Organ weight is one of the most sensitive drug toxicity indicators, and its changes often precede morphological changes. So far, no background data about organ weight and its coefficient in SD rats at different weeks of age have been reported in China. The aim of this study was to summarize and analyze the change trends of organ weight and organ weight coefficients in SD rats at different weeks of age. The absolute of the weights of the brain, spleen, heart, lungs, liver, kidneys, adrenal glands and testes were increased in male SD rats from 13 to 78 weeks, and the weights of the brain, heart, lungs, liver, kidneys and especially the testes were decreased from 78 to 104 weeks. On the other hand, the absolute weight of the adrenal glands showed an increasing trend from 13 to 104 weeks. The absolute weight of the brain, spleen, heart, lungs, liver, kidneys, adrenal glands and ovaries showed an increasing trend from 13 to 104 weeks. A significant increase was observed in adrenal gland and ovary weights, whereas no obvious change trends were observed for the other organ weights mentioned above. It was surprising that the absolute of weight of the adrenal glands and organ-to-brain and organ-to-body weight ratios in female rats were significantly higher than those in males from 13 to 104 weeks. This study was the first to establish background data for organ weights in SD rats at different weeks of age and their reference ranges in line with the experimental animal status in China and to summarize their summarized their changes trend.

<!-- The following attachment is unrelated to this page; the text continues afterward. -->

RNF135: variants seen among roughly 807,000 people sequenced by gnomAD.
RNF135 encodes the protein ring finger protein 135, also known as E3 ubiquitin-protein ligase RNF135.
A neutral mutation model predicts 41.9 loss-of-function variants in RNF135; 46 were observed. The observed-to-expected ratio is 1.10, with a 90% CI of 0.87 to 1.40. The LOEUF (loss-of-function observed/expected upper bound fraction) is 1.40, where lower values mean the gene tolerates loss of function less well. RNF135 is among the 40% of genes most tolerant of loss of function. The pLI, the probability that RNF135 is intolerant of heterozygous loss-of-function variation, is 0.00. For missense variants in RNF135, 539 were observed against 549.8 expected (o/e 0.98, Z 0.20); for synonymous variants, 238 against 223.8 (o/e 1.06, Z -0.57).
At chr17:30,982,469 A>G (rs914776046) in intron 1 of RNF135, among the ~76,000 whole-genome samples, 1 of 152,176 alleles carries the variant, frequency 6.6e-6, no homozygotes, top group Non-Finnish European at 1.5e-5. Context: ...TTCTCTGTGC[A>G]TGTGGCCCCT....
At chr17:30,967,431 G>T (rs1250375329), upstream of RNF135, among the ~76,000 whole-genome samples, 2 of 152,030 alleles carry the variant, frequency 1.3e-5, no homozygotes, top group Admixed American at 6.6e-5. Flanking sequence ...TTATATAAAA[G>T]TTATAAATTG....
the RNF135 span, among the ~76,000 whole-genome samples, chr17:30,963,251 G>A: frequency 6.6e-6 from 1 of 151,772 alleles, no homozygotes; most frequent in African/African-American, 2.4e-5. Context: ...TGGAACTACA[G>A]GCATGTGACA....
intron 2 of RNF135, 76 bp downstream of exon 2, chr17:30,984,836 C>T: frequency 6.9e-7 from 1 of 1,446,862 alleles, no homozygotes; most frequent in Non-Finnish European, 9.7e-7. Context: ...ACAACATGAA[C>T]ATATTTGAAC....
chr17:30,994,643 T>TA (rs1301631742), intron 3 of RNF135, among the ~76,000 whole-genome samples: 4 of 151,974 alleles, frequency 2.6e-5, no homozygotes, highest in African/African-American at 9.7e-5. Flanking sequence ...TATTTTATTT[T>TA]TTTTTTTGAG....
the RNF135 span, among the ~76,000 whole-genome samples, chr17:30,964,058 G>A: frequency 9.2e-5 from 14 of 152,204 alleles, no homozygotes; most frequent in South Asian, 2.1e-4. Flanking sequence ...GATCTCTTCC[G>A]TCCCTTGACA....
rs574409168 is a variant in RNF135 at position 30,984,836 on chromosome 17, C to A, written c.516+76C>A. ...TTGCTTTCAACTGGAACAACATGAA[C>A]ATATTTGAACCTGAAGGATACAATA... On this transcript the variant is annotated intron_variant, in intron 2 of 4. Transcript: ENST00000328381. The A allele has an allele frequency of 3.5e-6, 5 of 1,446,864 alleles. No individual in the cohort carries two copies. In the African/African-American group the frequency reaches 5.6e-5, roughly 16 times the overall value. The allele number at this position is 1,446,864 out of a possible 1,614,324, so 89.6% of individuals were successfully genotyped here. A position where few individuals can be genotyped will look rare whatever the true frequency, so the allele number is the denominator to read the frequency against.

Defensins are generally implicated in the quick resistance of epithelial surfaces to microbials; however, recent reports have indicated that defensins also have unknown purposes in relation to noninfectious diseases. In this study, the localization patterns of anti-microbial peptides, β defensins (BDs), in the tracheal epithelium of male C3H mice under exposure to toluene were analyzed by immunohistochemistry. Mice were exposed one to ten times to toluene for 30 min by nose-only inhalation. Expression of BDs was revealed by immunohistochemistry in serial sections of trachea after the final exposure. Expression of BD-1 was usually observed at almost the same levels in all exposure groups, and expression of BD-2 was observed in the control group; however, the signals for BD-2 decreased gradually with frequency of exposure. In the group exposed ten times, expression of BD-2 decreased to far lower than that of the control group. No expression of BD-3 was detected in any groups. Interestingly, expression of BD-4 increased to the maximum in the group exposed four times and decreased to a level lower than that of the control in the group exposed ten times. The results of the present study indicated that toluene gas might change the expression pattern of BDs in the tracheal epithelial cells. The oscillation of expression of BD-4 was quite characteristic and might contribute to morphological damage in on the epithelial cells.